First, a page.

The writer Wolfgang Welsch calls the world accessible to man “comprehensive reality”, whereas he calls the world independent of him “basal”. Reality is complementary when it includes nature like culture, i.e. when it is to include all living beings and things. Basically, on the other hand, the expression "reality" according to Welsch is used,

when we relate to the given as it exists independently of our interpretations and forms its basis and immovable measure. The total of the real, the basic reality is what everything underlying.[8]

People take it for granted that there is a real world that exists completely independently of their experiences, thoughts or language. They have access to this world through their senses, and through their language people can relate to real objects in the world. Most people see causality as a real relationship between objects and events in the world. "It [the causation] is a relationship through which one phenomenon causes the cause, another causes the effect."[9] The Gestalt psychologist Kurt Lewin also takes the view that things are real when they have or can have an effect: "What is real is what works."[10] In this respect, subjective inner states, for example emotions, are also regarded as belonging to reality, since they also have an effect.

The search for causes and effects is proof that causality is the law that a large part of science believes in. Not only the opinions of scientists, but also those of laypeople in everyday life are permeated with ideas of causality. Knowledge of causal relationships can be obtained through precise empirical observations. People will partake of the truth when they closely observe phenomena and accurately report these observations. If all observers of a phenomenon arrive at the same conclusions, these conclusions are to be regarded as true, regardless of the personal opinions of individuals and regardless of the historical and cultural context.[11]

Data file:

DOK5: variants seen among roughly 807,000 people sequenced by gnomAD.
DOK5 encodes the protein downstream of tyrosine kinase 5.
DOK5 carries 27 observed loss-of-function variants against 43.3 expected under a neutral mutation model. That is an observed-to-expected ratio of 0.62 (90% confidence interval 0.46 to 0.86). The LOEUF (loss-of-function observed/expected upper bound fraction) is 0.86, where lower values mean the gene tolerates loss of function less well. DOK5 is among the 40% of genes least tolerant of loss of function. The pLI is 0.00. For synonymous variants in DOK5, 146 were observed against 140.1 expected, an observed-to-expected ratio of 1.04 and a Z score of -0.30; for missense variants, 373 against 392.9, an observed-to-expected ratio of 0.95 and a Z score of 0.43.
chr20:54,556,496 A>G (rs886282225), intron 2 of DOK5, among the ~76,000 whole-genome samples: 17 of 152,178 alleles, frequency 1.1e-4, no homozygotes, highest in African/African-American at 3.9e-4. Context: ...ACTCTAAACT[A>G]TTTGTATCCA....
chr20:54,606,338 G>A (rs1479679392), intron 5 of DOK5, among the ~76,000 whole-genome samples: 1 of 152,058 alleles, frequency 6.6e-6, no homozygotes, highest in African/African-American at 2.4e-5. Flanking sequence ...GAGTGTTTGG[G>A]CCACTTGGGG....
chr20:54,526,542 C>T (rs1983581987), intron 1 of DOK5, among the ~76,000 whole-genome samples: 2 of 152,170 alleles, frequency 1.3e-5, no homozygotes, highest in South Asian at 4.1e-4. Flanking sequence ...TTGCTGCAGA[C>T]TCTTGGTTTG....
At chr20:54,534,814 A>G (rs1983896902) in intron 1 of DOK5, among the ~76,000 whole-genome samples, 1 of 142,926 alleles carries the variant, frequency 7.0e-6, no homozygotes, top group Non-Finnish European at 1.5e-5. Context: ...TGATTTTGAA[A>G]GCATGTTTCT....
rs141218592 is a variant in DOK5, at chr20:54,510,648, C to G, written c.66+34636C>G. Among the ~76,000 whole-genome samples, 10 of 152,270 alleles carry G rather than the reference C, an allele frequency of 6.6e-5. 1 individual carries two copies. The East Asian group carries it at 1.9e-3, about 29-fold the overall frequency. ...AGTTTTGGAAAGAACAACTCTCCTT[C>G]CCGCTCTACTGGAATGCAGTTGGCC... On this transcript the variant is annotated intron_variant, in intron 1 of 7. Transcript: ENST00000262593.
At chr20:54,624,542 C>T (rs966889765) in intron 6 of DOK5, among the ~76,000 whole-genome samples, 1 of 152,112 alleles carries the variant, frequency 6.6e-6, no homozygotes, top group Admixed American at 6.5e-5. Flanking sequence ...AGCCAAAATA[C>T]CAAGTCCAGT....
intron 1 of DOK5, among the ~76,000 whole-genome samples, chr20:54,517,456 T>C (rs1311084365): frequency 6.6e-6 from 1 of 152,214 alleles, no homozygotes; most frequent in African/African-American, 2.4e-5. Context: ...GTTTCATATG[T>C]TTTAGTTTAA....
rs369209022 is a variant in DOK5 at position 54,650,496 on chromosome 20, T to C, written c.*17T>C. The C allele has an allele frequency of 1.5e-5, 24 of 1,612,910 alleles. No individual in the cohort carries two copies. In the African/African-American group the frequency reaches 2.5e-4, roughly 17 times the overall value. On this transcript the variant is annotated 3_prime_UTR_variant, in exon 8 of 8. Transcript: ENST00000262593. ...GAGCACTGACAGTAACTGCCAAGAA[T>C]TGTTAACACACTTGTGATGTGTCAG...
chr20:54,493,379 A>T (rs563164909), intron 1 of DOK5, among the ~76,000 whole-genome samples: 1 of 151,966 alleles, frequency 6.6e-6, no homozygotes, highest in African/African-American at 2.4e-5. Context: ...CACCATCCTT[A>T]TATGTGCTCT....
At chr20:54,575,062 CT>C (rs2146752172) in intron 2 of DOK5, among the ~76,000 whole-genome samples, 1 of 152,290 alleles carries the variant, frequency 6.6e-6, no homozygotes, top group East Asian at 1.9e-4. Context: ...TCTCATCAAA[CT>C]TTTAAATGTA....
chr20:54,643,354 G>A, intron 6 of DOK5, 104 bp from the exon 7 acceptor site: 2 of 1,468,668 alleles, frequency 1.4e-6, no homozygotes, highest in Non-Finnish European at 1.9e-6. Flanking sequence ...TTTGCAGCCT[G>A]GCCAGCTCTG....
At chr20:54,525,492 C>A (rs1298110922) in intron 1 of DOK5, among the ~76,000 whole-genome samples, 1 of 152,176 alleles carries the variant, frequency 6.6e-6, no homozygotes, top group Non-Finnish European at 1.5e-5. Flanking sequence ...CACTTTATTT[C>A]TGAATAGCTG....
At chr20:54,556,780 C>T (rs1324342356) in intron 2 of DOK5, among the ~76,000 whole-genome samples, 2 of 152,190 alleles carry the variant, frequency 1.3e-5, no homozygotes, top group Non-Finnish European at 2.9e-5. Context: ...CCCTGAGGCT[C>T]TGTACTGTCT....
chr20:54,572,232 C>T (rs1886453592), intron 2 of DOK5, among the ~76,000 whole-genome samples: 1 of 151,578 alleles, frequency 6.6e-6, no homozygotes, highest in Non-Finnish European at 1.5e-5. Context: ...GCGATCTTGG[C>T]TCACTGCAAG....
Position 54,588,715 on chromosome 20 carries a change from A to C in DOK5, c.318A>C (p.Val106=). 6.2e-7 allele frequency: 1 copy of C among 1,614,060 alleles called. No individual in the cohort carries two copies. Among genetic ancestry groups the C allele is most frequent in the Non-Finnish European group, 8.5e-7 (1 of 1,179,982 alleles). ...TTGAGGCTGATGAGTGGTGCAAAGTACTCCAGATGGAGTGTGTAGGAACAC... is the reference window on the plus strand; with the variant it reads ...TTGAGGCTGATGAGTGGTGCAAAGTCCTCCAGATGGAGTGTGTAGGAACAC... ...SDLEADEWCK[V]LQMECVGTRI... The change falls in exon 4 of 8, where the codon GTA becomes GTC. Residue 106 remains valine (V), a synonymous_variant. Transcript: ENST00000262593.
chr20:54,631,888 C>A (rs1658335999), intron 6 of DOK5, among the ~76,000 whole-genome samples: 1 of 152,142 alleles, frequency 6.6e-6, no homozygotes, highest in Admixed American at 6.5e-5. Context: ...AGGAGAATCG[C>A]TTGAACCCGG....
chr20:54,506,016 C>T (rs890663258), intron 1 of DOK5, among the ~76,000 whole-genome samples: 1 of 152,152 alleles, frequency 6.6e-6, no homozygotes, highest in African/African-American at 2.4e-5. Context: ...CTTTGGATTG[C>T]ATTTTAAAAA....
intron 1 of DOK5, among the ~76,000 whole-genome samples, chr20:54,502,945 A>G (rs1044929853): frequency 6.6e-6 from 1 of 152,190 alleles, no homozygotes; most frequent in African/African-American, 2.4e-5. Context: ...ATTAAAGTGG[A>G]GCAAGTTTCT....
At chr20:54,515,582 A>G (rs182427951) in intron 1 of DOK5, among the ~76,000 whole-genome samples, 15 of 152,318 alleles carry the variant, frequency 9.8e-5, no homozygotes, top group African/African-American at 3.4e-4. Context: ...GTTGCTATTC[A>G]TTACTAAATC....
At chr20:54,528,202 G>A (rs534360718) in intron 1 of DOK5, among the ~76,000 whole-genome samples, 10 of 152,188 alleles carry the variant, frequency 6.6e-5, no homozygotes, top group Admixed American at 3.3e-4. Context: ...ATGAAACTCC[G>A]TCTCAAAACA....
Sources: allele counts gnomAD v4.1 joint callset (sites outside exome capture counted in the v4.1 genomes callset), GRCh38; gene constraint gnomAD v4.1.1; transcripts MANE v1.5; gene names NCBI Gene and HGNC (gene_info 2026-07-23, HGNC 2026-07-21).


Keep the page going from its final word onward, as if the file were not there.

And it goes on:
Whoever strives for a knowledge of reality wants to know how something actually behaves. Truth is certain knowledge of reality. When reality comes into play as an instance of truth, then it has the meaning of "factuality" and means the stock of facts. Facts are something non-linguistic that may make a statement true. In John Searle's words, facts are "conditions in the world which satisfy the truth conditions expressed by statements".[12] If the statement is true, then it accurately presented the fact.

2.2 truth

Believe those who seek the truth and doubt those who have found it. (André Gide)

Various scientific disciplines deal with the search for true knowledge of real relationships. They explain what the world is like and are tirelessly looking for further connections. What does it mean to claim objective knowledge of the external world - knowledge that is not based on subjective ideas? This question is related to the concept of truth. True statements about the world reflect it as it is and not as it would be desired.

In general, a knowledge, insight or statement is considered true if its truth can definitely be shown, i.e. proven. Verification and provability are conditions for discovering the truth. In a classical perspective, truth can be understood as a correspondence of statements with reality, as a responsible interpretation of realities, as the truthfulness in interpersonal dealings and as a social agreement.[13]

Especially in philosophy from antiquity and up to the present day, numerous definitions and theories regarding truth have emerged. These theories view the truth from a different point of view, or to put it in Heinz von Foerster's words: